You probably know that in electronics, computer data is stored in binary ones and zeros generated by the charge of electrons. The emerging field of “spintronics” stores data the same way, except that the binary code is generated not by charge but the “up” and “down” spin orientation of electrons. These signals are infinitesimal and challenging both to generate, and to detect — but the development of methods to do so offers the promise of computers that start instantly, use minuscule amounts of electricity, require no energy to maintain data in memory and are potentially far more powerful than the computers of today.
Advances in developing the technology have recently been reported by engineers at the University of California, Riverside (UCR), who used a simple two-layer “sandwich” of silicon and Permalloy, a nickel-iron alloy, to detect spin currents. While previous spintronic devices have relied on complex structures made with rare and expensive metals such as platinum, the new devices are made from inexpensive, abundant materials that operate at room temperature. The layers were also made with a process called sputtering, which is widely used in electronics manufacturing.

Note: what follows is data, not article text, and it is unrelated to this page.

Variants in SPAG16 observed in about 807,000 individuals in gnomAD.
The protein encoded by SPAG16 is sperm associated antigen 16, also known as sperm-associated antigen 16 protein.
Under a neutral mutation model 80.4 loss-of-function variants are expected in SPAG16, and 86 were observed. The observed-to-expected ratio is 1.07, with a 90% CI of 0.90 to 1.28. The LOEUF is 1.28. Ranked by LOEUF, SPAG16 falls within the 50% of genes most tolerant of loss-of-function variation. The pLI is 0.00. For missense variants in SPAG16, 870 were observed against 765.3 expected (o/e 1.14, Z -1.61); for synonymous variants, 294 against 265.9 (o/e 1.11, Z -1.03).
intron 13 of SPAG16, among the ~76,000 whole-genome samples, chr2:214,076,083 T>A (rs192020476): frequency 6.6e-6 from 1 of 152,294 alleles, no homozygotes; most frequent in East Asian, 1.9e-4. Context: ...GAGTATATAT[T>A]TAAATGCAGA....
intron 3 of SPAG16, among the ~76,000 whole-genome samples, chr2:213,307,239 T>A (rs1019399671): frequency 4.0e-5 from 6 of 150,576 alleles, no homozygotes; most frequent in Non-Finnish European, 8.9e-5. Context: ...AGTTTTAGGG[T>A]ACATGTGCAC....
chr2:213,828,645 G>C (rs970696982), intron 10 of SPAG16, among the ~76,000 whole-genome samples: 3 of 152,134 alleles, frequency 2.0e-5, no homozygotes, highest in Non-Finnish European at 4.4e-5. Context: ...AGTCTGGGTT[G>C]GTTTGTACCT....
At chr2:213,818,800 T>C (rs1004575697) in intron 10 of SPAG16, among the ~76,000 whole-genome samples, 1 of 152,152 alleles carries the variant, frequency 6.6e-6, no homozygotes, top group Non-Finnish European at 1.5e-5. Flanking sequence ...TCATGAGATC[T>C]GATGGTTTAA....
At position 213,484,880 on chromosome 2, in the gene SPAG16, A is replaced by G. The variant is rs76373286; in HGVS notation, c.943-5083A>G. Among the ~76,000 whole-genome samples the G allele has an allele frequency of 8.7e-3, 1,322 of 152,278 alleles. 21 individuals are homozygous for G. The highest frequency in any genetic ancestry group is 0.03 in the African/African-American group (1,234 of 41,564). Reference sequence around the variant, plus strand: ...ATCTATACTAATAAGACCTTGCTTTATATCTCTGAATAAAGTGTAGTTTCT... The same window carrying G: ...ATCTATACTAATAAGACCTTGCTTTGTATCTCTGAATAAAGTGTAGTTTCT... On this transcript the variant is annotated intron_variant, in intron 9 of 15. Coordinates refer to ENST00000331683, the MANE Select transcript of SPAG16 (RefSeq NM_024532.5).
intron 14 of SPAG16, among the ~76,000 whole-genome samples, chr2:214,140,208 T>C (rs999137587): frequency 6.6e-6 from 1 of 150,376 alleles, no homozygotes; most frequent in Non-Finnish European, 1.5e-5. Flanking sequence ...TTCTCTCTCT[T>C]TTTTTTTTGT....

"These results bring the ubiquitous Si (silicon) to forefront of spintronics research,” the team notes in the abstract for their paper, published in the journal Applied Physics Letters. The work was led by UCR's Sandeep Kumar, an assistant professor of mechanical engineering.
In two other scientific papers, members of the same team demonstrated the generation of a key property for spintronics materials, called antiferromagnetism, in silicon. Whereas ferromagnetism is the property of magnetic materials in which the magnetic poles of the atoms are aligned in the same direction, antiferromagnetism is a property in which neighboring atoms are magnetically oriented in opposite directions. The researchers used the two types of silicon found in transistors and other electronic components to generate the property: n-type, which is “doped” with substances causing an abundance of negatively-charged electrons; and p-type, doped to have a large concentration of positively-charged “holes.”
“The observed emergent antiferromagnetic behavior may lay the foundation of Si (silicon) spintronics and may change every field involving Si thin films,” the team notes in one of the papers. “These experiments also present potential electric control of magnetic behavior using simple semiconductor electronics physics.”
Kumar and his colleagues are now developing technology to achieve the ultimate goal of spin transistor creation: the ability to switch spin currents on and off in the materials. They are also working to generate higher-voltage spintronic chips. The end result could be extremely low-power, compact transmitters and sensors, as well as energy-efficient data storage and computer memories.